Fancy returns, and now she thinks of bones
    And grinning skulls, and corruptible death
    Wrapt in his shroud; and now fancies she hears
    Deep sighs, and sees pale sickly ghosts gliding.

    At length, no fancy, but reality
    Distracts her. A rushing sound, and the feet
    Of one that fled, approaches.--Ellen stood,
    Like a dumb statue, froze to stone with fear.

    The wretch approaches, crying, "The deed is done;
    "Take this, and send it by whom thou wilt send;
    "It is my life--send it to Eleanor--
    "He's dead, and howling after me for blood!

    "Take this," he cried; and thrust into her arms
    A wet napkin, wrapt about; then rush'd
    Past, howling: she received into her arms
    Pale death, and follow'd on the wings of fear.

    They pass'd swift thro' the outer gate; the wretch,
    Howling, leap'd o'er the wall into the moat,
    Stifling in mud. Fair Ellen pass'd the bridge,
    And heard a gloomy voice cry, "Is it done ?"

    As the deer wounded Ellen flew over
    The pathless plain as the arrows that fly
    By night; destruction flies, and strikes in darkness.
    She fled from fear, till at her house arrived.

    Her maids await her on her bed she falls,
    That bed of joy where erst her lord hath press'd:
    "Ah, woman's fear!" she cried, "Ah, cursed duke!
    "Ah, my dear lord! ah, wretched Eleanor!

    "My lord was like a flower upon the brows
    "Of lusty May! Ah, life as frail as flower!
    "O ghastly death! withdraw thy cruel hand,
    "Seek'st thou that flower to deck thy horrid temples?

    "My lord was like a star in highest heaven
    "Drawn down to earth by spells and wickedness;
    "My lord was like the opening eyes of day,
    "When western winds creep softly o'er the flowers.

    "But he is darken'd; like the summer's noon
    "Clouded; fall'n like the stately tree, cut down;
    "The breath of heaven dwelt among his leaves.
    "O Eleanor, weak woman, fill'd with woe!"

    Thus having spoke, she raised up her head,
    And saw the bloody napkin by her side,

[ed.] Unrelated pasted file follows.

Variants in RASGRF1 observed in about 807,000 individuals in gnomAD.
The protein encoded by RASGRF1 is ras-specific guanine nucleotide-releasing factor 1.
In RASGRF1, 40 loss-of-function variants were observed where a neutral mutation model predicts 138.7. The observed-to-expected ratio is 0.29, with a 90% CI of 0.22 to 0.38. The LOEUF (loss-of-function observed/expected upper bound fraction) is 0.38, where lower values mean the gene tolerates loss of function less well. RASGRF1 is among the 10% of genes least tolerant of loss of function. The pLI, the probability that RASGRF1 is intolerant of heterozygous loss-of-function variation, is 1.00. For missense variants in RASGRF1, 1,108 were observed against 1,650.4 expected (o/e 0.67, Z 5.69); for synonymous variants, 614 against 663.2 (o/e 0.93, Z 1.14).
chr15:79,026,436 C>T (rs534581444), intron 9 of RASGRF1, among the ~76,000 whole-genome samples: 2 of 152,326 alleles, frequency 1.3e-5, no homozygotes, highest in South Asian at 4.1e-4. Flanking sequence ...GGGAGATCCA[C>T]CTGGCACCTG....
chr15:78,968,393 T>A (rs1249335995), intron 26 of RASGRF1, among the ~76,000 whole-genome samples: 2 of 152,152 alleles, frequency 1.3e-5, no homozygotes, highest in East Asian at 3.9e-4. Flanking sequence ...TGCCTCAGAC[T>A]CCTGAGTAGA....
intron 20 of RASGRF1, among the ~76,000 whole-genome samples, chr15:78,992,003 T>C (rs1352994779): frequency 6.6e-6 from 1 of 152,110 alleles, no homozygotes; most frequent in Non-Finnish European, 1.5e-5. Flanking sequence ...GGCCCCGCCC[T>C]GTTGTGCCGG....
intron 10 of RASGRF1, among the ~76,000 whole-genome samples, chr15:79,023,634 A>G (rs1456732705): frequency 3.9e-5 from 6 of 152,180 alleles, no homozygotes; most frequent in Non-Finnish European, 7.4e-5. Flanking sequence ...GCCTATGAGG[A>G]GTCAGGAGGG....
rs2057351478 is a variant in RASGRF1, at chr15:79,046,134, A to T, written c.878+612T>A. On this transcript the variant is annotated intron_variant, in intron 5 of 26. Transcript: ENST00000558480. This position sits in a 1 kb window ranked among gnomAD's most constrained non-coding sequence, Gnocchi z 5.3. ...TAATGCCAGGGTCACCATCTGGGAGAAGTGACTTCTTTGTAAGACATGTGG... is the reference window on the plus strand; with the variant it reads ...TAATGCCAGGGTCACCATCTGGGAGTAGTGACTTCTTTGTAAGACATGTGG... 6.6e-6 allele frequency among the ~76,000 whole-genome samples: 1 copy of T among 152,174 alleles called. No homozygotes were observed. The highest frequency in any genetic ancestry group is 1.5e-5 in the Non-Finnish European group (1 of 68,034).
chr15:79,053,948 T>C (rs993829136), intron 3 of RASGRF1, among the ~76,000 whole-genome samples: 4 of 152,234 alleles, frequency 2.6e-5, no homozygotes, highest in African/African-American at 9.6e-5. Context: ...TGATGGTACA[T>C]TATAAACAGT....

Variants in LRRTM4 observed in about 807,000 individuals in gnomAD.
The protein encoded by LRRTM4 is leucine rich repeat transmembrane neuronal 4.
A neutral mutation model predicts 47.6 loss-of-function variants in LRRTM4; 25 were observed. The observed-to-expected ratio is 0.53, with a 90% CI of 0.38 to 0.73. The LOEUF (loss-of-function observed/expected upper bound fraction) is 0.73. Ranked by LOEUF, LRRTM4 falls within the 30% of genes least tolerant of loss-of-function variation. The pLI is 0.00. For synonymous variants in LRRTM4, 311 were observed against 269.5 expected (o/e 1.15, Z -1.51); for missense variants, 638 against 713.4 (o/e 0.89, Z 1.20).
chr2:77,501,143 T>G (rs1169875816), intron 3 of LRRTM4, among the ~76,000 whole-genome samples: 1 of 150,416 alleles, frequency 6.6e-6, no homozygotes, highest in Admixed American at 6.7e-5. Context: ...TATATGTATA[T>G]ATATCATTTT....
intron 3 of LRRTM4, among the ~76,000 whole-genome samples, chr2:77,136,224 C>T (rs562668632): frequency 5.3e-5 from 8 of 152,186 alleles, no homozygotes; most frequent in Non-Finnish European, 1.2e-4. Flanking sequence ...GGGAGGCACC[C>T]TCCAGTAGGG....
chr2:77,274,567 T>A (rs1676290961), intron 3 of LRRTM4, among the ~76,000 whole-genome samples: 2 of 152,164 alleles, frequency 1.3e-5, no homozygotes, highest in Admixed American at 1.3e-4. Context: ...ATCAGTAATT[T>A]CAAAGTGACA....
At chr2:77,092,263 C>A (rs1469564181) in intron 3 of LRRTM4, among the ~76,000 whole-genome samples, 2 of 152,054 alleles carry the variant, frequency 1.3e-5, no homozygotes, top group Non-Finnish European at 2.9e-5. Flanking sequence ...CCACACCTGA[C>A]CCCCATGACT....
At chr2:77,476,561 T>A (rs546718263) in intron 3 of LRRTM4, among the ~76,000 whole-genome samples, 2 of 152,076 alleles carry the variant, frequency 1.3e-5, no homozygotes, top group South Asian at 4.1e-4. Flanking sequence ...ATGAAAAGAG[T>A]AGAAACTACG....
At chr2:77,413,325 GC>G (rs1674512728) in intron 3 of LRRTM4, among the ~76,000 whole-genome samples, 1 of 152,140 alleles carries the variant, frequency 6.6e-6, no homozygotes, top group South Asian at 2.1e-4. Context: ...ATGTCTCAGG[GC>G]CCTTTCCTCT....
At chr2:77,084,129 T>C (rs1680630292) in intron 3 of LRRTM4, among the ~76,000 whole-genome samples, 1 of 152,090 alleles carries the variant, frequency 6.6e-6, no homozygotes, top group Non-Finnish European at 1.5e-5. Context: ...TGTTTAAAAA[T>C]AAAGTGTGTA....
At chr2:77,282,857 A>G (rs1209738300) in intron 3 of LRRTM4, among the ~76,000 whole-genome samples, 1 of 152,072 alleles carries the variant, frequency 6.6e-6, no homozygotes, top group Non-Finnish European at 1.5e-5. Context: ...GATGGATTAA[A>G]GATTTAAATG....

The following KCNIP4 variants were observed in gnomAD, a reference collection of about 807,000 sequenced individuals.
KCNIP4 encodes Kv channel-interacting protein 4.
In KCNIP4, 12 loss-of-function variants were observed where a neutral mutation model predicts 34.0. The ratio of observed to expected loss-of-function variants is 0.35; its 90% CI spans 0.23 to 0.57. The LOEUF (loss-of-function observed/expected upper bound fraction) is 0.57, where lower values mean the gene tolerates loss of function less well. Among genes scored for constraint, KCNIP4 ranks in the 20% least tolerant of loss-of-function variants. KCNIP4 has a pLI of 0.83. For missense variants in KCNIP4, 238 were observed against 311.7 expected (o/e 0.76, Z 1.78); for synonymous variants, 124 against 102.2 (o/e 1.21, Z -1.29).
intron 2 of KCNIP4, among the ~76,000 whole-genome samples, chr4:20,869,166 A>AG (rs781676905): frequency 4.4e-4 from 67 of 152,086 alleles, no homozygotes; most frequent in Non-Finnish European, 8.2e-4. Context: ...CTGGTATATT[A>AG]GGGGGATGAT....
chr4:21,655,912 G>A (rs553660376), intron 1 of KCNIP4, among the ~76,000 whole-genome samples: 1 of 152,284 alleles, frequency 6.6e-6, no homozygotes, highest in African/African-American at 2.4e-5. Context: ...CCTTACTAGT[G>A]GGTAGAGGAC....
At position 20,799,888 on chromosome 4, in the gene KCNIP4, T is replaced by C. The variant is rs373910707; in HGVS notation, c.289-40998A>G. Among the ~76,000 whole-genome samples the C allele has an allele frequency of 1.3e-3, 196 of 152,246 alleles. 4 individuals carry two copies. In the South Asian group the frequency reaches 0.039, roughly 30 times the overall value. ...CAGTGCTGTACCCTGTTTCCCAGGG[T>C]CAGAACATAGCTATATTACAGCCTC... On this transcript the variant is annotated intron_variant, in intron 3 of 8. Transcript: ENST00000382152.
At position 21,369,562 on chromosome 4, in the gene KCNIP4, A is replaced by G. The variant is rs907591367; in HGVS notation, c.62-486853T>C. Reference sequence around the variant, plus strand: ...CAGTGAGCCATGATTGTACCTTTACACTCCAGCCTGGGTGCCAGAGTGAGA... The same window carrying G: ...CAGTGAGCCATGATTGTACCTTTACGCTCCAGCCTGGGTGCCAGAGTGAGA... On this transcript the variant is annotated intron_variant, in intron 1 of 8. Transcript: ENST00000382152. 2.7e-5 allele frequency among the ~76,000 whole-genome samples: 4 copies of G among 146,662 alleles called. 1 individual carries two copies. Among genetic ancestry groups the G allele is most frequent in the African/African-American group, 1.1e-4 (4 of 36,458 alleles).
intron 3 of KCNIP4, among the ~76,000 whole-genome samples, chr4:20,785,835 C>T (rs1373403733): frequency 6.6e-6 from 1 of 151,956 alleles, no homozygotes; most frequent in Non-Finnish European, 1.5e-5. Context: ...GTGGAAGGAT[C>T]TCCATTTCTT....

Which in her arms she brought; and now, tenfold
    More terrified, saw it unfold itself.

    Her eyes were fix'd; the bloody cloth unfolds,
    Disclosing to her sight the murder'd head
    Of her dear lord, all ghastly pale, clotted
    With gory blood it groan'd, and thus it spake:

    "O Eleanor, behold thy husband's head
    "Who, sleeping on the stones of yonder tower,
    "Was 'reft of life by the accursed duke!
    "A hired villain turn'd my sleep to death!

    "O Eleanor, beware the cursed duke,
    "O give not him thy hand, now I am dead;
    "He seeks thy love who, coward, in the night,
    "Hired a villain to bereave my life."

    She sat with dead cold limbs, stiffen'd to stone
    She took the gory head up in her arms;
    She kiss'd the pale lips; she had no tears to shed ;
    She hugg'd it to her breast, and groan'd her last.

    William Blake

Song: How sweet I roamed from field to field

    HOW sweet I roam'd from field to field
    And tasted all the summer's pride,
    Till I the Prince of Love beheld
    Who in the sunny beams did glide.

    He shew'd me lilies for my hair,
    And blushing roses for my brow;
    He led me thro' his gardens fair
    Where all his golden pleasures grow.

    With sweet May-dews my wings were wet,
    And Phoebus fired my vocal rage;
    He caught me in his silken net,
    And shut me in his golden cage.

    He loves to sit and hear me sing,
    Then, laughing, sports and plays with me;
    Then stretches out my golden wing
    And mocks my loss of liberty.

    William Blake

Song: Love and harmony combine

    LOVE and harmony combine
    And around our souls entwine,
    While thy branches mix with mine
    And our roots together join.

    Joys upon our branches sit
    Chirping loud and singing sweet;
    Like gentle streams beneath our feet
    Innocence and virtue meet.

    Thou the golden fruit dost bear,
    I am clad in flowers fair;
    Thy sweet boughs perfume the air,
    And the turtle buildeth there.

    There she sits and feeds her young,
    Sweet I hear her mournful song;
    And thy lovely leaves among
    There is love; I hear his tongue.

    There his charming nest doth lay,
    There he sleeps the night away
    There he sports along the day
    And doth among our branches play.

    William Blake

Song: I love the jocund dance

    I LOVE the jocund dance,
    The softly-breathing song,
    Where innocent eyes do glance